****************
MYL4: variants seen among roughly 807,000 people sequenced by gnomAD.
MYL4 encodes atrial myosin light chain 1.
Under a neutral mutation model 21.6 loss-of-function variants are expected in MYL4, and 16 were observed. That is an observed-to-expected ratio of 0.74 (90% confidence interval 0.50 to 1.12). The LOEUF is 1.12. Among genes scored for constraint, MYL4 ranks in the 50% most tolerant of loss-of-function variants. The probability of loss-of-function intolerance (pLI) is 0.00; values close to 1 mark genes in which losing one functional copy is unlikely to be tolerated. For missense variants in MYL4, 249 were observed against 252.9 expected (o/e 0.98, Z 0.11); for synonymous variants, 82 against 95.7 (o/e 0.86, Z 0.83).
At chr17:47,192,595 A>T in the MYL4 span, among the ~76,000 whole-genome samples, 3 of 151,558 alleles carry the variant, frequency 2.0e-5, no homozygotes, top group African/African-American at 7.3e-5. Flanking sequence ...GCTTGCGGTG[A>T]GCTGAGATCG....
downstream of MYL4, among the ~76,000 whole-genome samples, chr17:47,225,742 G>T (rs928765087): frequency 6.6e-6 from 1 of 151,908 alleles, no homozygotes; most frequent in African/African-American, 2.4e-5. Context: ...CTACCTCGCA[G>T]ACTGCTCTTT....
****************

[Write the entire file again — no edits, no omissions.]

MYL4: variants seen among roughly 807,000 people sequenced by gnomAD.
MYL4 encodes atrial myosin light chain 1.
Under a neutral mutation model 21.6 loss-of-function variants are expected in MYL4, and 16 were observed. That is an observed-to-expected ratio of 0.74 (90% confidence interval 0.50 to 1.12). The LOEUF is 1.12. Among genes scored for constraint, MYL4 ranks in the 50% most tolerant of loss-of-function variants. The probability of loss-of-function intolerance (pLI) is 0.00; values close to 1 mark genes in which losing one functional copy is unlikely to be tolerated. For missense variants in MYL4, 249 were observed against 252.9 expected (o/e 0.98, Z 0.11); for synonymous variants, 82 against 95.7 (o/e 0.86, Z 0.83).
At chr17:47,192,595 A>T in the MYL4 span, among the ~76,000 whole-genome samples, 3 of 151,558 alleles carry the variant, frequency 2.0e-5, no homozygotes, top group African/African-American at 7.3e-5. Flanking sequence ...GCTTGCGGTG[A>T]GCTGAGATCG....
downstream of MYL4, among the ~76,000 whole-genome samples, chr17:47,225,742 G>T (rs928765087): frequency 6.6e-6 from 1 of 151,908 alleles, no homozygotes; most frequent in African/African-American, 2.4e-5. Context: ...CTACCTCGCA[G>T]ACTGCTCTTT....